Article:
Motlatsi Motseoile | A year of loss, recovery and community


It is typical for us to reflect as the year comes to a close; thinking about our gains, losses and lessons learned. The impact of Covid-19 has forced us to deal with loss to a greater degree than usual and, for most of us, 2021 was a period in which gains were often not top of mind.

It has been an almost two-year period in which we’ve had to redefine achievement. Just staying alive, surviving the socio-economic effects of the pandemic and hoping to not lose too many loved ones were goals worth aspiring to.

This period has caused much heartache and headaches; losing our jobs, relationships cut short by lockdowns and learning to live on our own, warts and all. There was some optimism as we entered 2021 with the prospect of a vaccine that might have sent us back to life as we knew it. But as we now look back, many of us have a sense that Covid-19 is here to stay, at least for a while.

I am thankful that as the world seemed to be going to the dogs, my year had some sweet moments, none of which I take for granted.

I started the year on a high. I got a lucrative job at a company that has many prospects for growth. This job brought me joy, challenged me mentally and allowed me to rediscover parts of myself that I thought were long dead. I also had some highs as a writer and contributor to the movement to grow narratives for and about LGBTQ people; a role I am most proud of.

One of my pieces led to a response article in the USA and the cherry on top was my inclusion in the publication We are f**king here; a book made up of stories, essays and other contributions by queer people about our queerness, our sex and our sexuality.

But nothing achieved in this year was small. Even the activities which previously were minute, are now major because tomorrow is not guaranteed and, when granted, it must be celebrated. As such, I also write this in celebration.

I celebrate the people, the friends, the associates and shoulders we were able to lean on through this difficult time. The friends who called to check if we were coping as a person who lives on their own. The neighbours who continued to offer their banana bread, oxtail and even juice. The business associates who mentioned our names in meetings we could not show up for, and insisted we still get paid.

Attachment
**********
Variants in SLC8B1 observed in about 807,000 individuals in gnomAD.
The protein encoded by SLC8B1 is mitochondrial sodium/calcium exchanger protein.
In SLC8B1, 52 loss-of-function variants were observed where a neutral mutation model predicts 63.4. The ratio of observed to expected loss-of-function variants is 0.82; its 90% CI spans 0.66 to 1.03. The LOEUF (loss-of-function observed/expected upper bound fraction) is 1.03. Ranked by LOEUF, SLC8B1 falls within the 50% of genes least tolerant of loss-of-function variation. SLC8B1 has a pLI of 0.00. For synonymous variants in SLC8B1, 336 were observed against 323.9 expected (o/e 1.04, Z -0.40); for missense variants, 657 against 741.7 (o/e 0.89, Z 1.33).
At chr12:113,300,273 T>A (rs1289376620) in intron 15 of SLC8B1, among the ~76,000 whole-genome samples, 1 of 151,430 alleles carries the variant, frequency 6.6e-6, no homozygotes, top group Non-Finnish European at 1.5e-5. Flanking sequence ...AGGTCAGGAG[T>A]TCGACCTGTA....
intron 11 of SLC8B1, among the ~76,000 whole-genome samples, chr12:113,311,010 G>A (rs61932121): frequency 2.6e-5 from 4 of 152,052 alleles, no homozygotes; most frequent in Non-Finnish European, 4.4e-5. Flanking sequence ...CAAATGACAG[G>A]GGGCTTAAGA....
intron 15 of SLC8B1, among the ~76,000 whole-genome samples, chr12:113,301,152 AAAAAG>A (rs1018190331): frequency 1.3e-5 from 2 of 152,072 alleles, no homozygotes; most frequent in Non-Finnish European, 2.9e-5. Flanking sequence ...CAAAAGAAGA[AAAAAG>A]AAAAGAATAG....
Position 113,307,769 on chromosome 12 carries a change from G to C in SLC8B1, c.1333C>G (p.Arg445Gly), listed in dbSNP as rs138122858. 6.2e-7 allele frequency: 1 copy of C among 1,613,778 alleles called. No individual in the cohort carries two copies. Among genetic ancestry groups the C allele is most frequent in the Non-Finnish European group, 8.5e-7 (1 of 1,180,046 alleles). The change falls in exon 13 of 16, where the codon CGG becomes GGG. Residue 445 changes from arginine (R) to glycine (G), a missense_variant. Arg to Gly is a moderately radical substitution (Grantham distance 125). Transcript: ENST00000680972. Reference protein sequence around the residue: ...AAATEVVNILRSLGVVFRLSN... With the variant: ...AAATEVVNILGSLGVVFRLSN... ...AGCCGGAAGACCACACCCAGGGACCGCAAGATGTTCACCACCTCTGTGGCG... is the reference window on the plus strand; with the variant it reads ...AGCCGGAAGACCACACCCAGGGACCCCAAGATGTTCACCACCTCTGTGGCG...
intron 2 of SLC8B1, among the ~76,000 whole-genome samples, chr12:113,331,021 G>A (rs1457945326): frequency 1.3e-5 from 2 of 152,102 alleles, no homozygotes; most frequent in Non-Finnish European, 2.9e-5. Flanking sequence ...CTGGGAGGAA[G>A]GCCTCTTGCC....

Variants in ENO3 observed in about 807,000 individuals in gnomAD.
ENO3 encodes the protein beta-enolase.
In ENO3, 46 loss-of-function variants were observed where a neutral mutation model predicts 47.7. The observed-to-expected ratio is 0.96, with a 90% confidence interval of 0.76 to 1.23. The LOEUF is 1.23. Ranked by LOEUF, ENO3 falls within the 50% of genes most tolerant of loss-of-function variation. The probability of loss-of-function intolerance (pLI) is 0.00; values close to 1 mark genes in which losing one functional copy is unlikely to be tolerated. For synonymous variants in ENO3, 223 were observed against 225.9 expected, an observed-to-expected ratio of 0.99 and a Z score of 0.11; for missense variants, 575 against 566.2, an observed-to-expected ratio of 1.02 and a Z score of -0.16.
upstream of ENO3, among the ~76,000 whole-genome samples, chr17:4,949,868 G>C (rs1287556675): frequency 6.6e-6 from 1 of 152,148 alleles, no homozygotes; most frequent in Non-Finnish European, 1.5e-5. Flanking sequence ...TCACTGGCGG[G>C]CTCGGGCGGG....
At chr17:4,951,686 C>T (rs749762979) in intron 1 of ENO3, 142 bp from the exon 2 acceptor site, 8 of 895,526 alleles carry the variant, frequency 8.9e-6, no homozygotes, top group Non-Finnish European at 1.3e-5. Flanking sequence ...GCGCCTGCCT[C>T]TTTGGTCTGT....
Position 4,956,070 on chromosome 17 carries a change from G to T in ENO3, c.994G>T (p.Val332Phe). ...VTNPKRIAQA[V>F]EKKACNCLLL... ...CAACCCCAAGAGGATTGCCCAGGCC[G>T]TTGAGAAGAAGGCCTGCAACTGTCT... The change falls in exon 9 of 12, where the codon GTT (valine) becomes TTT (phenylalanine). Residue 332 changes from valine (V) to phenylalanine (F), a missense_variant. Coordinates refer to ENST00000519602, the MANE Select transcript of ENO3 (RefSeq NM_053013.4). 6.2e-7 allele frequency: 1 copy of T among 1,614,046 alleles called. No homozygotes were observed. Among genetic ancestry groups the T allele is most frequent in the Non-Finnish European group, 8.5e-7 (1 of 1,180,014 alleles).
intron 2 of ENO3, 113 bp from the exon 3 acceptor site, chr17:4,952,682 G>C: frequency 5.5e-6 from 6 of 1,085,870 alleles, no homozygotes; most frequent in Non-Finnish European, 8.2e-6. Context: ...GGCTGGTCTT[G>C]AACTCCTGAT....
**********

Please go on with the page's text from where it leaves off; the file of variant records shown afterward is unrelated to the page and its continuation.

There were the many shoulders we cried on when we ourselves or our loved ones contracted Covid before the mass roll out of vaccines. And those who still showed up even as we boldly proclaimed that we are ‘vaxx for vaxx’. (Even as vaccinated folk, we still need care.) I appreciate those who set aside their politics and personal circumstances and prioritised the wellbeing of those in need.

There were also the downs, both public and private. This year I dealt with the loss of our beloved Dr Sindi van Zyl – an amazing clinician and ally to the LGBTQ community. Sindi was the ear, the shoulder and the laugh you needed as you went through many anxieties about your health. I can attest to having experienced her in all these ways. Her passing is one that truly saddened and shocked me.

There were also the many killings of queer people across the country. Despite the noise we made, we still haven’t succeeded in passing the Hate Crimes Bill. One of my friends, Sam Mbatha Junior, was a victim of these murders. His death remains a painful mystery, with the accused in jail and his family and friends still battling to heal.

I also dealt with the loss of one of my closest friends, Tlhapang Petso; a seasoned artist manager, creative practitioner and entrepreneur. These were only some of the deaths and traumas we had to face in this past year.

Finally, I am grateful for my community. My chosen family who saved me from my worst habits, provided refuge when I needed it and listened when I was desperate for an outlet. If there is anything we now know is that we need each other. In the worst case, we need each other to show up when we have been violated and in the best case, to celebrate our wins, big or small.

As we look forward to 2022, I wish all of us good health and a life that is comfortable and safe. On a more personal note, I’d like you, dear reader, to know that I too am available to be an ear, a shoulder and a safe space to you.

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